Masked gunmen seized dozens of children at an international school in northwestern Cambodia today, killing a three-year-old Canadian boy and threatening to shoot the others one-by-one before police freed the remaining hostages, police and government officials said.
The attackers stormed Siem Reap International School Thursday morning, taking students from several countries hostage and demanding money, weapons and a vehicle before police ended the six-hour standoff, taking four gunmen into custody, at least one of whom was wounded.
The gunmen shot the boy when authorities declined to meet all of their demands, then "threatened to kill the other children one-by-one," said Information Minister Khieu Kanharith, quoting the deputy national police chief, Neth Savoeun.
"Then our forces decided to storm the school," said Khieu Kanharith, who described the victim as a 3-year-old Canadian boy. Embassy officials could not immediately confirm that, but a witness who knew the child also identified him as Canadian.
Gunshots were heard just before the children fled the school into the arms of panic-stricken parents.
The crisis unfolded at Cambodia's tourism hub of Siem Reap, near its famed Angkor temples and home to many expatriates, and quickly drew concern from governments around the region. The town has many establishments serving the international tourist trade, and children from at least 15 nations attend the school.
The identity of the attackers was not clear, even after the standoff ended. Prime Minister Hun Sen said they appeared to be security guards at the school, but police later said teachers did not recognize them.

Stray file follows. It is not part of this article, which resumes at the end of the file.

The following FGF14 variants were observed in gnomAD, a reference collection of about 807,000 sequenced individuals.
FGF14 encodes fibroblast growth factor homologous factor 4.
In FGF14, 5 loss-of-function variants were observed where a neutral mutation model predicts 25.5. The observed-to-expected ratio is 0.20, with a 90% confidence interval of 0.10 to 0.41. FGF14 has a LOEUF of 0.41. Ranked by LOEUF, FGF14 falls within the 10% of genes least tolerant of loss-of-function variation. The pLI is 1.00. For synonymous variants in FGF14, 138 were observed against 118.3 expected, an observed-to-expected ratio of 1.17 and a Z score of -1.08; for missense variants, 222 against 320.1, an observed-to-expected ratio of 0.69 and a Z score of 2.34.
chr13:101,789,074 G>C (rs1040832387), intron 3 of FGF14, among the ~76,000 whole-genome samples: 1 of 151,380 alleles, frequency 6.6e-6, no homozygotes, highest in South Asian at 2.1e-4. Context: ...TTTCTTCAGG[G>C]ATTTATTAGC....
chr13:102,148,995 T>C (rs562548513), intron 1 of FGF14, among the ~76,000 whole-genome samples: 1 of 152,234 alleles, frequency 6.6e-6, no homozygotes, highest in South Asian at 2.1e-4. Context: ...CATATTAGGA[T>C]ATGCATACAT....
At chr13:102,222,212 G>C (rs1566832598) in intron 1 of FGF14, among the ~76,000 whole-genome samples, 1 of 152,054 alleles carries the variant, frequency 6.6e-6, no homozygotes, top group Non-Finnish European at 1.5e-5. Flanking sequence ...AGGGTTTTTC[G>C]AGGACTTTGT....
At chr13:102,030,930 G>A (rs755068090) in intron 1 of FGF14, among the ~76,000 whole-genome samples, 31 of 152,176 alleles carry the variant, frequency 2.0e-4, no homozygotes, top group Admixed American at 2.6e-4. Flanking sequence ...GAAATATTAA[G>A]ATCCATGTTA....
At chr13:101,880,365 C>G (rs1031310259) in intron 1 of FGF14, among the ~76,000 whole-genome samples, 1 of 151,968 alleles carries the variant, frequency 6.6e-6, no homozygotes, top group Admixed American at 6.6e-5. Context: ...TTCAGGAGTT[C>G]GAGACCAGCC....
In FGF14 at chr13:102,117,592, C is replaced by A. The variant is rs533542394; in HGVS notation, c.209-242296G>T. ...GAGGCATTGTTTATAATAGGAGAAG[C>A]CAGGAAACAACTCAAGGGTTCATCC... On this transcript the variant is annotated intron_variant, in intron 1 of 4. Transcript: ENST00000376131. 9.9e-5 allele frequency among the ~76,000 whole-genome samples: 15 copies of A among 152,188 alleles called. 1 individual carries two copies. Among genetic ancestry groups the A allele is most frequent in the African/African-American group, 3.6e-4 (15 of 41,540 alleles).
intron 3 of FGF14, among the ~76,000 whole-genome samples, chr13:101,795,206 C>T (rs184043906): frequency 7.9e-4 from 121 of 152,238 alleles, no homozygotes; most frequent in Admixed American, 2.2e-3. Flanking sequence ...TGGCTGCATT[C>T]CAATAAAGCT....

The men originally took about 70 people but later released 30 of them, Khieu Kanharith said.
They "were armed with shotguns" and had demanded money, six AK-47 assault rifles, six shotguns, B-40 grenade launchers, hand grenades and a car, said Deputy Military Police Commander Prak Chanthoeum, who said three teachers were among those seized.
He later said US$30,000 (Â§24,900) and a van were given to the gunmen, but they still refused to free the hostages and continued to demand guns and grenades.
Police initially said there were six attackers, but later put the number at four and said all had been arrested. They said the hostage takers were 22 to 25 years old, and were from the southeastern province of Kandal.
Denis Richer, a Frenchman who said he teaches at another school in the booming tourist town, said he saw one of the attackers laying wounded on the ground after police ended the siege.
A Western resident in Siem Reap, who demanded anonymity, said she was told by a teacher at the school that the children, most of them aged 2 to 6, came from Cambodia, Italy, Indonesia, South Korea, United States, Japan, Ireland, Singapore, Great Britain, Australia, Canada, Philippines, Taiwan, Thailand and Switzerland.Reuse content